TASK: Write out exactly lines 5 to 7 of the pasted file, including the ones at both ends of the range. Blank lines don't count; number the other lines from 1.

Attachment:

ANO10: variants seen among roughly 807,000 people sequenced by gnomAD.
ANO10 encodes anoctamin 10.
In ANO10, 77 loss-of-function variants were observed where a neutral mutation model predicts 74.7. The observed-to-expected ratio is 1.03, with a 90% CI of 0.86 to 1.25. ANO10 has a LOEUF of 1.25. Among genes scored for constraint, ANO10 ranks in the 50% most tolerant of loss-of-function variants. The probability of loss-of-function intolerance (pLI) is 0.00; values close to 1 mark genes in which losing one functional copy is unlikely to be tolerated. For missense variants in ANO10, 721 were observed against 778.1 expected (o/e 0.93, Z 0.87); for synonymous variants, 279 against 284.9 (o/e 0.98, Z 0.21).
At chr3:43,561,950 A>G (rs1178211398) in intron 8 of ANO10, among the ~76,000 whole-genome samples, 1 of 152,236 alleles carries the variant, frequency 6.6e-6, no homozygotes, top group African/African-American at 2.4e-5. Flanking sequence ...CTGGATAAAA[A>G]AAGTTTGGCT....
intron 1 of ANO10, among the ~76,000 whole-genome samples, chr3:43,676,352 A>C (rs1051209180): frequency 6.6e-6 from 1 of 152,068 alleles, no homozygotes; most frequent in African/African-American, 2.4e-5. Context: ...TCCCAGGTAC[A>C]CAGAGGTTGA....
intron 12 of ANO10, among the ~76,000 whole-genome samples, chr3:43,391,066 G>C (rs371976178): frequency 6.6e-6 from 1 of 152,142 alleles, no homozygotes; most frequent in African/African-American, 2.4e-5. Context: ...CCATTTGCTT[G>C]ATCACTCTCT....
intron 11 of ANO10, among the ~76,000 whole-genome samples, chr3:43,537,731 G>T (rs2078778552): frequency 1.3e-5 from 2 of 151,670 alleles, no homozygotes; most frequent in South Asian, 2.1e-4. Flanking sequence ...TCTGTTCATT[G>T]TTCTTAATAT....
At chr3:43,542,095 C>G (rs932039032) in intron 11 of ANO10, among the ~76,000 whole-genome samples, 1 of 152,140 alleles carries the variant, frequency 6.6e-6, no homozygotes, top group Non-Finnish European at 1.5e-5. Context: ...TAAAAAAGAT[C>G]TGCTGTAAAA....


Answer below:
intron 1 of ANO10, among the ~76,000 whole-genome samples, chr3:43,676,352 A>C (rs1051209180): frequency 6.6e-6 from 1 of 152,068 alleles, no homozygotes; most frequent in African/African-American, 2.4e-5. Context: ...TCCCAGGTAC[A>C]CAGAGGTTGA....
intron 12 of ANO10, among the ~76,000 whole-genome samples, chr3:43,391,066 G>C (rs371976178): frequency 6.6e-6 from 1 of 152,142 alleles, no homozygotes; most frequent in African/African-American, 2.4e-5. Context: ...CCATTTGCTT[G>C]ATCACTCTCT....
intron 11 of ANO10, among the ~76,000 whole-genome samples, chr3:43,537,731 G>T (rs2078778552): frequency 1.3e-5 from 2 of 151,670 alleles, no homozygotes; most frequent in South Asian, 2.1e-4. Flanking sequence ...TCTGTTCATT[G>T]TTCTTAATAT....